“Diplo’s flying her off somewhere, and Afrojack — and I was like, wait a minute, I wasn’t ready for all of this,” Tracy Charles says. By her sophomore year, Nija says NYU gave her an ultimatum: meet a requirement to study in Berlin or take a leave of absence. Grand made the case for Nija to leave school over dinner with her mother.
“I was like, ‘Mom, your daughter’s ready,’” he says. “‘I would never tell anyone else on the planet this. She’s special.’” Charles left college and moved to Glendale, California at the start of his year, after she signed the deal with Universal.
Tracy Charles says the Grammy nominations are the cherry on top of a fulfilling year for her daughter.
“It’s not surprising,” she says. “When I first heard ‘Ring’ (the version with Nija’s voice on it), I was taking her back to school, to NYU. When she played it, I was like, ‘wait a minute.’ We couldn’t even get through the intro. I was like, ‘I’m telling you right now, that right there is a hit.’”
Charles’ sister Zoe, 16, calls herself Nija’s biggest fan. She’s also a committed member of the Beyhive, Beyonce’s famously fervent network of fans. When Nija got the call that Queen B liked her sample songs and wanted her to work on the album, Zoe had one refrain: told you. Still, no one realized the opportunity would come so soon.
“One day I came home and my mother was staring at the wall, and she’s like, ‘Nija is going to Paris,’” she says — one of the locations for Beyonce and Jay-Z’s recording sessions (another was in Wales) as the power couple rehearsed for their On the Run II tour. When “Everything Is Love,” their first joint album as The Carters, was released without warning in June, Zoe was in a store’s dressing room. She grabbed her phone and scanned the album credits for her sister’s name.
Charles co-wrote two tracks: “Heard About Us,” with Beyonce and Jay-Z, and “LoveHappy,” with Beyonce, Jay-Z and songwriting duo Nova Wav (Denisia “Blu June” Andrews and Brittany “Chi” Coney). She didn’t even know “LoveHappy” made the album — nominated for a Grammy in the urban contemporary category — until it came out.
Like other Beyonce collaborators, Charles only offers general details of her meeting with the “Lemonade” singer — namely, that they met (fans may know that Beyonce included a mention of non-disclosure agreements in her lyrics on the DJ Khaled song “Top Off”).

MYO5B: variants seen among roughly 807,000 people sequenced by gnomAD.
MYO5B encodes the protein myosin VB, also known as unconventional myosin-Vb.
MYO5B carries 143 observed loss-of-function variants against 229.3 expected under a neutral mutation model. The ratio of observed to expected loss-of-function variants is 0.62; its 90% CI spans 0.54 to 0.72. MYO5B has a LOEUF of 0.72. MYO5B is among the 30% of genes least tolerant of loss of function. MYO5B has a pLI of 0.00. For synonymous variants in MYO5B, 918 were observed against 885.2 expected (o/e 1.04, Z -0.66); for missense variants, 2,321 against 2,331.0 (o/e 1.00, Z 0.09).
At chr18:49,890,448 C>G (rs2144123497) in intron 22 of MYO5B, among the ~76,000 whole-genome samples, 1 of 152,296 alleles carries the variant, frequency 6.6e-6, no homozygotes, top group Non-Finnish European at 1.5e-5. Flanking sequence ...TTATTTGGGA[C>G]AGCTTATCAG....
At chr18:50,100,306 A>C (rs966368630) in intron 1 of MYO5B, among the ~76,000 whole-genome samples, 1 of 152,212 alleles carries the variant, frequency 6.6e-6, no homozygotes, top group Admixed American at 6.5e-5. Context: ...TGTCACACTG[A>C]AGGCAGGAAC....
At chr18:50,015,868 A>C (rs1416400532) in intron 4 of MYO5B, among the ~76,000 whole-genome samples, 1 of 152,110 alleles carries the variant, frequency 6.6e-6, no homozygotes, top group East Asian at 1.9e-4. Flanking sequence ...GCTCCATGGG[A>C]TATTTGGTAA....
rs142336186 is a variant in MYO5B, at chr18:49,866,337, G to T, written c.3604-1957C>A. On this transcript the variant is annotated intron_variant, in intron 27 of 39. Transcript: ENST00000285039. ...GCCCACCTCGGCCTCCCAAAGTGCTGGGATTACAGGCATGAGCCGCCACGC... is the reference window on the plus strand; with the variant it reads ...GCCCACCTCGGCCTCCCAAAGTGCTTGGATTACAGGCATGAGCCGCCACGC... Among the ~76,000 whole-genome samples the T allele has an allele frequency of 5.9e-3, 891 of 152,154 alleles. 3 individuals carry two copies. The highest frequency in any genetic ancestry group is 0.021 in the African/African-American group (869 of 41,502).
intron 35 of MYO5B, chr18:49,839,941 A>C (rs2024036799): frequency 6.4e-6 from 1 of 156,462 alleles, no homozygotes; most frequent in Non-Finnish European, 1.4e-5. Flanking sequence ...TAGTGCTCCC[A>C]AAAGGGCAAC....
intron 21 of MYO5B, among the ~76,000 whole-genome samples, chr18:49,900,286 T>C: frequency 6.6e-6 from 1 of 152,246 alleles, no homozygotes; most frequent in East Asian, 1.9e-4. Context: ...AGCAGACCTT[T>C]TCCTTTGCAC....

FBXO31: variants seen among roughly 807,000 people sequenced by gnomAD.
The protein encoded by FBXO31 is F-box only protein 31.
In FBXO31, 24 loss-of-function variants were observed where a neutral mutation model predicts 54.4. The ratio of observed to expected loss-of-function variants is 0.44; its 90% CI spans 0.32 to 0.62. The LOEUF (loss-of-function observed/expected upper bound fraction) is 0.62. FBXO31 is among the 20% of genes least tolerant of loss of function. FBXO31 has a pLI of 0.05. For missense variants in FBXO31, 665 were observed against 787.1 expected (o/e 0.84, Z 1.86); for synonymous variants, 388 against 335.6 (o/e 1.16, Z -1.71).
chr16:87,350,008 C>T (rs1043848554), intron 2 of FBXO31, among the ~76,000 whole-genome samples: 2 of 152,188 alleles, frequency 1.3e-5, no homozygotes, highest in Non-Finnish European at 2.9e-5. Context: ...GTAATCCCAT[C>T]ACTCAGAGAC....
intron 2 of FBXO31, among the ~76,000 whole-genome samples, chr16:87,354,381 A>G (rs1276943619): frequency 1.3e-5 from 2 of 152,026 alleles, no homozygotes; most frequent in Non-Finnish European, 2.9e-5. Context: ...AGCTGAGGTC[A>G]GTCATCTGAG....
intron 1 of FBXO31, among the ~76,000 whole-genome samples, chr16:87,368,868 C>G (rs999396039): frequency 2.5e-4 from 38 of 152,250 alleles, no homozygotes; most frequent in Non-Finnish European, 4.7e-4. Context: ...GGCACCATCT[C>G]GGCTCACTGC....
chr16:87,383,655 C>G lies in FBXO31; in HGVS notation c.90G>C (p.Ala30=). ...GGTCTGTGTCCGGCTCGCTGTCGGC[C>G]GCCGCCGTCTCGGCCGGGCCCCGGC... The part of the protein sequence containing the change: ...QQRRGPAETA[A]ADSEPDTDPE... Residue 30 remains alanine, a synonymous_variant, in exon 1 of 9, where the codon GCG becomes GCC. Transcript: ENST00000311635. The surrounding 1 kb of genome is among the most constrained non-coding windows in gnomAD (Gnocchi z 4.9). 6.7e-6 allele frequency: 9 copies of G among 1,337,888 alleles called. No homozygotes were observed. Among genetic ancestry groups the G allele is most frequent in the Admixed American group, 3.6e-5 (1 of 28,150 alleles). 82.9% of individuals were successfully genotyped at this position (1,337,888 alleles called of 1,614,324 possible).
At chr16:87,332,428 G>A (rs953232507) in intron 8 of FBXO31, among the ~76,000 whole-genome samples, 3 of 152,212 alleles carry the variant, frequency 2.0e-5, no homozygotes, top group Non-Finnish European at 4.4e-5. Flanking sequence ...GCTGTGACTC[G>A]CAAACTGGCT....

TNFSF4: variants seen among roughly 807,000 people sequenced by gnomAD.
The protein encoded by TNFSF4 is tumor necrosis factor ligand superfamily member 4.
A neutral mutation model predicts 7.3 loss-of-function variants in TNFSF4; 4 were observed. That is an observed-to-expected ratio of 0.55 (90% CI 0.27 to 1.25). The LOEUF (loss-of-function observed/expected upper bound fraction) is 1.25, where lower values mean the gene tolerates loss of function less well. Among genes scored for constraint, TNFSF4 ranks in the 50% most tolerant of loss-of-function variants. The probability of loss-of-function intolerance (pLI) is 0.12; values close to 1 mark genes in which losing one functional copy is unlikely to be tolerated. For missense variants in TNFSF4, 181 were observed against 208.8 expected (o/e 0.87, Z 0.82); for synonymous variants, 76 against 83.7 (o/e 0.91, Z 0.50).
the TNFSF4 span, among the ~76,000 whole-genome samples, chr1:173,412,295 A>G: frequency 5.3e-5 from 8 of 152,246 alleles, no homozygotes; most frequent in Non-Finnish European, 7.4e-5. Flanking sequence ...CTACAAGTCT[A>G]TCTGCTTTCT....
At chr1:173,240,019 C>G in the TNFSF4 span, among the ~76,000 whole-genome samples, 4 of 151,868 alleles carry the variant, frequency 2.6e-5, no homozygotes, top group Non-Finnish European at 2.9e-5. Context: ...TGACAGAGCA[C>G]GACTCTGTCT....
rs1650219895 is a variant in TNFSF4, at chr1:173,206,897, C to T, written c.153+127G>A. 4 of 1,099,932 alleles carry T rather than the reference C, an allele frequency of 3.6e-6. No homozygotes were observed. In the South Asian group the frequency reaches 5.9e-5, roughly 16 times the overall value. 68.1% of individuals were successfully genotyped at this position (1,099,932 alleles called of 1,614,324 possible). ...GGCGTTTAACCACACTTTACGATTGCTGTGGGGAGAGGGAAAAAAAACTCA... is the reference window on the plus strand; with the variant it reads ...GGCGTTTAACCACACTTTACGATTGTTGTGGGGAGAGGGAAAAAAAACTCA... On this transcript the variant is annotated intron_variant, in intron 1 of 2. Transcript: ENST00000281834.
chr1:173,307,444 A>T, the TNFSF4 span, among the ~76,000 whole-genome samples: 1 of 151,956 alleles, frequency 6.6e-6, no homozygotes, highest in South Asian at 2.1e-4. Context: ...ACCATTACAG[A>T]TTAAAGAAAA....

“She’s literally the inspiration for everything,” Charles says. “How you move as a woman, the music she puts out, the performance, everything. And it’s like, what do you create for the woman who’s done everything, literally?”
On the authoritative, celebratory “Heard About Us,” Charles’s contribution includes Beyonce lithely singing the onomatopoeic “skrt skrt.” For some heavier material on “LoveHappy,” Charles drew from Beyonce and Jay-Z’s most recent solo albums, “Lemonade” and “4:44,” where the singer reveals her husband cheated on her and the rapper delivers a confessional response.
In October, Charles celebrated her 21st birthday in Las Vegas. Her goal: blot out the memory of being turned away from DJ Mustard’s residency there because she was too young. Next year she’ll welcome the release of songs in the pop realm. Charles would love to write for Drake, Rihanna and The Weeknd. For now, she’s counting her blessings.
“I think being from Jersey, being from Union, period, my family, they’ve always been a grounded type of family and they’ve always just instilled those values in me: always remember where you came from, be humble, don’t take anything for granted,” she says.
Charles recently marked the release of the song “Secrets,” which she wrote for rising R&B star Tone Stith, who hails from South Jersey. She also put out a call on Twitter for Jersey artists, and intends to meet up with some before she heads back to the West Coast.
“People don’t realize a lot of the talent is actually here (and not just New York and Philadelphia, she says), so I wanna make sure the world sees that and discovers that.”
Moving into 2019, It’s going to be hard for Charles to top this year, but her Beyonce encounter alone greatly expanded her notion of what is possible.
“It’s one of those things where it’s like, you might put it in your dreams or something, like your wishlist, but you never think it’s gonna happen, so it was just unbelievable to me,” she says. “It still is to this day, where it’s like, all of this happened within my first year in the industry. That that happened at all is crazy.”